PORTLAND, Ore. (KOIN) – Washington lawmakers unveiled a signature campaign for Smokey Bear license plates on Monday to raise awareness and funds for wildfire safety in the state.
Proceeds from the license plates would go to the Washington State Department of Natural Resources to help reduce wildfires started by humans. Under the bill, Washingtonians could buy the plates in October 2024 for $40 and $30 for plate renewal.
The plate design needs at least 3,500 signatures before it can be considered by the Washington Department of Licensing.
“A Smokey Bear license plate would let people show their support for the firefighters who put their lives on the line every season to keep us, our property and our lands safe from fire,” Commissioner of Public Lands Hilary Franz said. “Putting his image on vehicles across Washington will increase wildfire awareness by reminding everyone of his signature catchphrase: Only You Can Prevent Wildfires.”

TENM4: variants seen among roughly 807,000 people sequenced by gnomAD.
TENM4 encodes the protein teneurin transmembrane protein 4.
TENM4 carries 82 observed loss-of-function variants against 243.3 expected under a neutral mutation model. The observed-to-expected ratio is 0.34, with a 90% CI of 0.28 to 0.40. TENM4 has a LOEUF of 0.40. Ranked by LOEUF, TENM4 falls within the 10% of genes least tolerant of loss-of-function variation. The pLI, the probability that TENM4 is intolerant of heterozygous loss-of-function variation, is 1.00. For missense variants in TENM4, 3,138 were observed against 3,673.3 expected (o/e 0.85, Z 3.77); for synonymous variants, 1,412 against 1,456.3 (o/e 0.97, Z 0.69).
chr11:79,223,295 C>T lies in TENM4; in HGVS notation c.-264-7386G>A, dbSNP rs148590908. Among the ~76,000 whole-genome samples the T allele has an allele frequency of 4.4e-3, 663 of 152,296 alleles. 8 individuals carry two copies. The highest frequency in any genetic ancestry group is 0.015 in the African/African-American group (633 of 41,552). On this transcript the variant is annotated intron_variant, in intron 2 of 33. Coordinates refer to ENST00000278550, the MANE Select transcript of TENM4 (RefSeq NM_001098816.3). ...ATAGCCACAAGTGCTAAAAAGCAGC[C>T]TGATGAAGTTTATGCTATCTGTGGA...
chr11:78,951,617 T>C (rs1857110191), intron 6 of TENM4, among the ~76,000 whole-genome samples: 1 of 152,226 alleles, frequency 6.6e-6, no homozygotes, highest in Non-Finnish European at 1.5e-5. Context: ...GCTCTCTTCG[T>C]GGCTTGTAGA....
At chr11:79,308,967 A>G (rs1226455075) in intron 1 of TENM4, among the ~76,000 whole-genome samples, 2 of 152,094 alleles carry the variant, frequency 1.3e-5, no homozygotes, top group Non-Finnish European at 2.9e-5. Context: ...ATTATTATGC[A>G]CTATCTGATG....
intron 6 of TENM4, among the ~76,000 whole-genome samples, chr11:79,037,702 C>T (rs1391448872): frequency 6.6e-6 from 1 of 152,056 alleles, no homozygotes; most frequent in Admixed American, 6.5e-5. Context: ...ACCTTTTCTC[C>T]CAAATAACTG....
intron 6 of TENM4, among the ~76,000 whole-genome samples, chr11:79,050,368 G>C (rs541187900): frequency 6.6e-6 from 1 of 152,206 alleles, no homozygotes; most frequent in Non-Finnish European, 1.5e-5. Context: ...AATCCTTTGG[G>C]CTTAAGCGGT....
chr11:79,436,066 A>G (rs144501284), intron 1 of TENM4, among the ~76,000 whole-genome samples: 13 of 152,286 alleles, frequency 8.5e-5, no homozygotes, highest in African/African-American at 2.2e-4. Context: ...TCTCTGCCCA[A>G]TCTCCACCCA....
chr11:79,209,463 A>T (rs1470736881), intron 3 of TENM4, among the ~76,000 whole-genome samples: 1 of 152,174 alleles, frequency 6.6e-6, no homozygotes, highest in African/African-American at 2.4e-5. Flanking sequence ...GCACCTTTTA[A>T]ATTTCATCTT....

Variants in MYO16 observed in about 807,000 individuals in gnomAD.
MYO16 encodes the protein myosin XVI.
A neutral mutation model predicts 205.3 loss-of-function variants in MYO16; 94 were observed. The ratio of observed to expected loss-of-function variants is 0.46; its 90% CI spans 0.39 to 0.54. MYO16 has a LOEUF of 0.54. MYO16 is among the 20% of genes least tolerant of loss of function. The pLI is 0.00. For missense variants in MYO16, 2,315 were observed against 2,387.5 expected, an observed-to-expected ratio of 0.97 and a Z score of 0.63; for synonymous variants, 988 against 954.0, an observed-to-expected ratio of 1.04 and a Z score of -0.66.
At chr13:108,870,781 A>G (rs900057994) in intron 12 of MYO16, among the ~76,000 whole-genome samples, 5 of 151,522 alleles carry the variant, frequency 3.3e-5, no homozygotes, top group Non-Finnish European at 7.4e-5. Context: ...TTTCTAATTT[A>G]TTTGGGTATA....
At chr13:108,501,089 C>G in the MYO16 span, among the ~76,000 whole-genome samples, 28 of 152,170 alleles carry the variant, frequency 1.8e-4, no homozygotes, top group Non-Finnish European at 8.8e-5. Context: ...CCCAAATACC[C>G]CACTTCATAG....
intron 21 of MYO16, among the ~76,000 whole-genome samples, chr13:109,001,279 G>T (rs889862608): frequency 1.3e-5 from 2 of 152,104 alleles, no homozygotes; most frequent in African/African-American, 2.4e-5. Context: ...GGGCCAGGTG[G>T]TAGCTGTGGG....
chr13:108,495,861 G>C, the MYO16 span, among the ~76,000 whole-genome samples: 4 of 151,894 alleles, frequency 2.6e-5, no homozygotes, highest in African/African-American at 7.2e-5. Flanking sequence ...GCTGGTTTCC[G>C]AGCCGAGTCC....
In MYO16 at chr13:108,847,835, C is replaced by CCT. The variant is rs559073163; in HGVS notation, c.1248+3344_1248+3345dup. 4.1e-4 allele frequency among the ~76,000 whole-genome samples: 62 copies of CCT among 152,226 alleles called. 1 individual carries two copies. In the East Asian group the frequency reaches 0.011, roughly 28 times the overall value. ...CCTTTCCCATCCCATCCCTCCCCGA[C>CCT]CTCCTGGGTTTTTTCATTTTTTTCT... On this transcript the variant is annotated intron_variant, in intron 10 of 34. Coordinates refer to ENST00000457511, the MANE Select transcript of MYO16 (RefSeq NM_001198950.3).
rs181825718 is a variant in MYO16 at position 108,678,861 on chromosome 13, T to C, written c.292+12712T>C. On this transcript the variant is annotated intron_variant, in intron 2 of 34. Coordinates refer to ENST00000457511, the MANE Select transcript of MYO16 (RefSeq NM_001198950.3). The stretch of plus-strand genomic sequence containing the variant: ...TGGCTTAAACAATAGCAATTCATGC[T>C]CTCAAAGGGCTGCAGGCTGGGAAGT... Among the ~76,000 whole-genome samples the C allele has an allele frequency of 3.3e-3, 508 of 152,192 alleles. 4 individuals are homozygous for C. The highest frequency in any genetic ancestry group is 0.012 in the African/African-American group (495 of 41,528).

An identical version of the plate design bill in the House of Representatives will be sponsored by Rep. Donaghy.
“As Smokey the Bear has taught us, only you can prevent wildfires. It is not only our duty to respond to immediate threats but to proactively address climate resilience, promote clean air, and safeguard Washington’s natural legacy,” said Sen. Nobles, the bill’s primary sponsor in the Washington state Senate. “The funds raised by the plates will aid our state’s efforts in the fight against climate change, paving the way for a better, healthier future for all our neighbors.”
“For nearly 80 years, Smokey has been a symbol reminding us to do our part to prevent forest fires. Each year, Washington faces more intense and prolonged fire seasons. Many of these are caused by human actions. That is why Smokey’s message has never been more important,” Rep. Donaghy said. “Smokey always reminds us that ‘only you can prevent forest fires.’ We can save lives, communities, and wild lands by taking responsibility for preventing these destructive and disastrous fires. I am proud to stand with Smokey as we further our efforts to combat forest fires.”